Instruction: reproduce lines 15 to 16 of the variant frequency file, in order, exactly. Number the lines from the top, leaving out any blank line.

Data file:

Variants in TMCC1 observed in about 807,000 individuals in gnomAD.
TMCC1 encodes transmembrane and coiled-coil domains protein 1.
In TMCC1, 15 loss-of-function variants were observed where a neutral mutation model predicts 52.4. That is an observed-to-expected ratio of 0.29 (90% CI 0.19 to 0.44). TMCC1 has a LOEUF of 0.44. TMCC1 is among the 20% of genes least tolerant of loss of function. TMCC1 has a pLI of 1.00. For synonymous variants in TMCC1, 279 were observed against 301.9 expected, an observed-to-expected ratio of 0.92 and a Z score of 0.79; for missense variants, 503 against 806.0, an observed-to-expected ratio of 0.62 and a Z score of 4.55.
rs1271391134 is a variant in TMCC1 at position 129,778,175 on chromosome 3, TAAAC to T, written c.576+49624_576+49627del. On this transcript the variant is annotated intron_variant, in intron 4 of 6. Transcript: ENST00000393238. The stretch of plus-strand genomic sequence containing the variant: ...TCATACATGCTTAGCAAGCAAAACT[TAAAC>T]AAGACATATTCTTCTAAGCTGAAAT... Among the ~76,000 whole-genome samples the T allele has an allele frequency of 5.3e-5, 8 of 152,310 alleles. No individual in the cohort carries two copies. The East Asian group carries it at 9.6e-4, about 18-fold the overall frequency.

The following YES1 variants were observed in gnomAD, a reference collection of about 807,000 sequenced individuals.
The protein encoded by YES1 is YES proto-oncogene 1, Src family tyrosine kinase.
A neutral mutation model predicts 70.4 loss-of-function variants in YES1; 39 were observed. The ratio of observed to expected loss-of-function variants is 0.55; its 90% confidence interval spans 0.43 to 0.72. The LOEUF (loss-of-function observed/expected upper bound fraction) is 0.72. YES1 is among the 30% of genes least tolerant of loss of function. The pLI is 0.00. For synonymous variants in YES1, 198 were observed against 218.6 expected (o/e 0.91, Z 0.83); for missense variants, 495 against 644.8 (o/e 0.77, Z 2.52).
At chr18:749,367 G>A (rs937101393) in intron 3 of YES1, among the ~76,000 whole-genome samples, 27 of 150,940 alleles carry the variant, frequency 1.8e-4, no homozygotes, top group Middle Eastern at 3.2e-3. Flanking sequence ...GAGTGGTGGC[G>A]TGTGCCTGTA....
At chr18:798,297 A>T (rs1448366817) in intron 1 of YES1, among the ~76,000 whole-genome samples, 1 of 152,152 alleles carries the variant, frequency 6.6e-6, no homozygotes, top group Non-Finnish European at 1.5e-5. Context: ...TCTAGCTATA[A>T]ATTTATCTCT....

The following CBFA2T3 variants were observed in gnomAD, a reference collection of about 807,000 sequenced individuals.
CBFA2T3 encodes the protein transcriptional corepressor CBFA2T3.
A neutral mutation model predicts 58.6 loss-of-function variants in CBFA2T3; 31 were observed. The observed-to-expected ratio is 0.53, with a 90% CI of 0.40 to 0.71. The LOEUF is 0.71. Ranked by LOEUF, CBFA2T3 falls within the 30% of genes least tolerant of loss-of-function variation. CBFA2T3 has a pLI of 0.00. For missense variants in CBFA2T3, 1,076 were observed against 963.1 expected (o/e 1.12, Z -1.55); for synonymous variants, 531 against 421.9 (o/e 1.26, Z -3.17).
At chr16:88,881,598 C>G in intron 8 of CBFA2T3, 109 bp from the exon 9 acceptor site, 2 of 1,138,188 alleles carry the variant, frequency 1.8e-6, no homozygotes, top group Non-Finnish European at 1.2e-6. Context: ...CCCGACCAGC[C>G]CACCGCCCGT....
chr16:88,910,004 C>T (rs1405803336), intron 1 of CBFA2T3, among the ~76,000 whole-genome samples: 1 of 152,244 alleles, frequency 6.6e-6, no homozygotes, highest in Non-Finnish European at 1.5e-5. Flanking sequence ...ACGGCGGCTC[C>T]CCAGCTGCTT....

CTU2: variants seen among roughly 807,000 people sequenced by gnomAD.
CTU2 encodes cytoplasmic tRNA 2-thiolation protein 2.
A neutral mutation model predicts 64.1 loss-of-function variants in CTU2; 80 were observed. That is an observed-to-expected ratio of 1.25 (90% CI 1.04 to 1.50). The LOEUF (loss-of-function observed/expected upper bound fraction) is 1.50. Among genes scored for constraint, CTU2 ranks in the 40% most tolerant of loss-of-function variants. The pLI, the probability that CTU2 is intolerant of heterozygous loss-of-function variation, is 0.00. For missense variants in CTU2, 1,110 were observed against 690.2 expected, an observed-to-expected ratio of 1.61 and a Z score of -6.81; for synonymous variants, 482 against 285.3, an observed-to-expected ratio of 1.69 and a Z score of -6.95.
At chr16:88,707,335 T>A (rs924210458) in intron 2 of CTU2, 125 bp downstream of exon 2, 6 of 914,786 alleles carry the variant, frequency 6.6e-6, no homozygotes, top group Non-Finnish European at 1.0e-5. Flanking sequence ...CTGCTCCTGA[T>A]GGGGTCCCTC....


CTU2: variants seen among roughly 807,000 people sequenced by gnomAD.
CTU2 encodes cytoplasmic tRNA 2-thiolation protein 2.